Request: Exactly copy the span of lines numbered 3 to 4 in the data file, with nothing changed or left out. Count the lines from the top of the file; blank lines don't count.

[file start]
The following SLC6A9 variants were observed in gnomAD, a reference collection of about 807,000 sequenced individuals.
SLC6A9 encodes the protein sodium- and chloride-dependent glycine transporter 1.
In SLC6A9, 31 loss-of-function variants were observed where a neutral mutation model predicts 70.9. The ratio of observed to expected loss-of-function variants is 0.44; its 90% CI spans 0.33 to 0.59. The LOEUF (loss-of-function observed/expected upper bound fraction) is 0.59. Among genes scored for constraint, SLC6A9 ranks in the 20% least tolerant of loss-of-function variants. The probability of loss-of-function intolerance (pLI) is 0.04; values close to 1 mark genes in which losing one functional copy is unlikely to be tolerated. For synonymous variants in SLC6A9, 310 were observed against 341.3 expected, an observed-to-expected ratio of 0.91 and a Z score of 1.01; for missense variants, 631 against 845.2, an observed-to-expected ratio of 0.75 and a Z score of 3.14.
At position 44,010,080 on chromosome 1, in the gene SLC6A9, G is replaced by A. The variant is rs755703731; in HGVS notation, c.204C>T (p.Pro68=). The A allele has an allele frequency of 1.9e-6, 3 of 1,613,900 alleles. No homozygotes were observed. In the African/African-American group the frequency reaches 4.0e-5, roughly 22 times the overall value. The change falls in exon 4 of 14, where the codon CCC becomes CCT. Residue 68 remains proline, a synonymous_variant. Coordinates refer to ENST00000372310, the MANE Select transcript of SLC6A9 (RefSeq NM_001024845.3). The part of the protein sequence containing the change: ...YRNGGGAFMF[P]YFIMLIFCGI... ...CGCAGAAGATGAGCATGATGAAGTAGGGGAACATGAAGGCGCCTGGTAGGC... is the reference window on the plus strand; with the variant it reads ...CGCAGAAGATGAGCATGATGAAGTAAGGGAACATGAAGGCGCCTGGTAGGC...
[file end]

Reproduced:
In SLC6A9, 31 loss-of-function variants were observed where a neutral mutation model predicts 70.9. The ratio of observed to expected loss-of-function variants is 0.44; its 90% CI spans 0.33 to 0.59. The LOEUF (loss-of-function observed/expected upper bound fraction) is 0.59. Among genes scored for constraint, SLC6A9 ranks in the 20% least tolerant of loss-of-function variants. The probability of loss-of-function intolerance (pLI) is 0.04; values close to 1 mark genes in which losing one functional copy is unlikely to be tolerated. For synonymous variants in SLC6A9, 310 were observed against 341.3 expected, an observed-to-expected ratio of 0.91 and a Z score of 1.01; for missense variants, 631 against 845.2, an observed-to-expected ratio of 0.75 and a Z score of 3.14.
At position 44,010,080 on chromosome 1, in the gene SLC6A9, G is replaced by A. The variant is rs755703731; in HGVS notation, c.204C>T (p.Pro68=). The A allele has an allele frequency of 1.9e-6, 3 of 1,613,900 alleles. No homozygotes were observed. In the African/African-American group the frequency reaches 4.0e-5, roughly 22 times the overall value. The change falls in exon 4 of 14, where the codon CCC becomes CCT. Residue 68 remains proline, a synonymous_variant. Coordinates refer to ENST00000372310, the MANE Select transcript of SLC6A9 (RefSeq NM_001024845.3). The part of the protein sequence containing the change: ...YRNGGGAFMF[P]YFIMLIFCGI... ...CGCAGAAGATGAGCATGATGAAGTAGGGGAACATGAAGGCGCCTGGTAGGC... is the reference window on the plus strand; with the variant it reads ...CGCAGAAGATGAGCATGATGAAGTAAGGGAACATGAAGGCGCCTGGTAGGC...